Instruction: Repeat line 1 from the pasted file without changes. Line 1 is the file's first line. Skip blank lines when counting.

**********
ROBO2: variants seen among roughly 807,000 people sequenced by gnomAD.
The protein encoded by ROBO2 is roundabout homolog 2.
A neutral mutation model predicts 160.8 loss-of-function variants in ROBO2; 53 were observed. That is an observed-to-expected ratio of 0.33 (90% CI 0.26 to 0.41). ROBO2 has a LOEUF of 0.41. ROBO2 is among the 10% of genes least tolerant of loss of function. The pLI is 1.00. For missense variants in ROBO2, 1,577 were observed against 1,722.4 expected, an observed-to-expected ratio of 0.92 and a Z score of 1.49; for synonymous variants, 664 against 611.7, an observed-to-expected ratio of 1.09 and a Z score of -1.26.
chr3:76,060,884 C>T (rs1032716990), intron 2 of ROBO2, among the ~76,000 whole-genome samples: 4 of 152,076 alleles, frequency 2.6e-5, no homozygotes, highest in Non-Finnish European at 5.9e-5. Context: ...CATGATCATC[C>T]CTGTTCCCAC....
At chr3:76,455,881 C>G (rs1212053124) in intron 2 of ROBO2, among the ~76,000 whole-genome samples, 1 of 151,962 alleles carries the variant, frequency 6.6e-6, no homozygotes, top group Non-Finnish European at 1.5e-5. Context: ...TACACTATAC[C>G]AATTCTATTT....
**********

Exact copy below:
ROBO2: variants seen among roughly 807,000 people sequenced by gnomAD.